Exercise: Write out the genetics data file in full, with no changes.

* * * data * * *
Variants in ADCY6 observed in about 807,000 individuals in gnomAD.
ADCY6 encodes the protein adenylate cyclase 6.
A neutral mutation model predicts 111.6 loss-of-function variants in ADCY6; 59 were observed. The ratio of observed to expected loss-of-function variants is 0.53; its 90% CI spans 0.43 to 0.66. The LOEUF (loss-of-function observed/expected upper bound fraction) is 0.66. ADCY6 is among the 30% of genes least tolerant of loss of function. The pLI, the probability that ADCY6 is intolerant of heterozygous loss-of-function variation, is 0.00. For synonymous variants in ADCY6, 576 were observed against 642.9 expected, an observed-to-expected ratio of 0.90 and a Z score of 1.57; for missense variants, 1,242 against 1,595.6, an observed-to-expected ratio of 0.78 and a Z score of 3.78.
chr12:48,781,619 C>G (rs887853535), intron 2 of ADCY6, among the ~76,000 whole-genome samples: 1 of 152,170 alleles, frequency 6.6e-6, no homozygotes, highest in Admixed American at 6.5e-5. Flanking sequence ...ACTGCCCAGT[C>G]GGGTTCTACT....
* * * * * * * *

Variants in ADCY6 observed in about 807,000 individuals in gnomAD.
ADCY6 encodes the protein adenylate cyclase 6.
A neutral mutation model predicts 111.6 loss-of-function variants in ADCY6; 59 were observed. The ratio of observed to expected loss-of-function variants is 0.53; its 90% CI spans 0.43 to 0.66. The LOEUF (loss-of-function observed/expected upper bound fraction) is 0.66. ADCY6 is among the 30% of genes least tolerant of loss of function. The pLI, the probability that ADCY6 is intolerant of heterozygous loss-of-function variation, is 0.00. For synonymous variants in ADCY6, 576 were observed against 642.9 expected, an observed-to-expected ratio of 0.90 and a Z score of 1.57; for missense variants, 1,242 against 1,595.6, an observed-to-expected ratio of 0.78 and a Z score of 3.78.
chr12:48,781,619 C>G (rs887853535), intron 2 of ADCY6, among the ~76,000 whole-genome samples: 1 of 152,170 alleles, frequency 6.6e-6, no homozygotes, highest in Admixed American at 6.5e-5. Flanking sequence ...ACTGCCCAGT[C>G]GGGTTCTACT....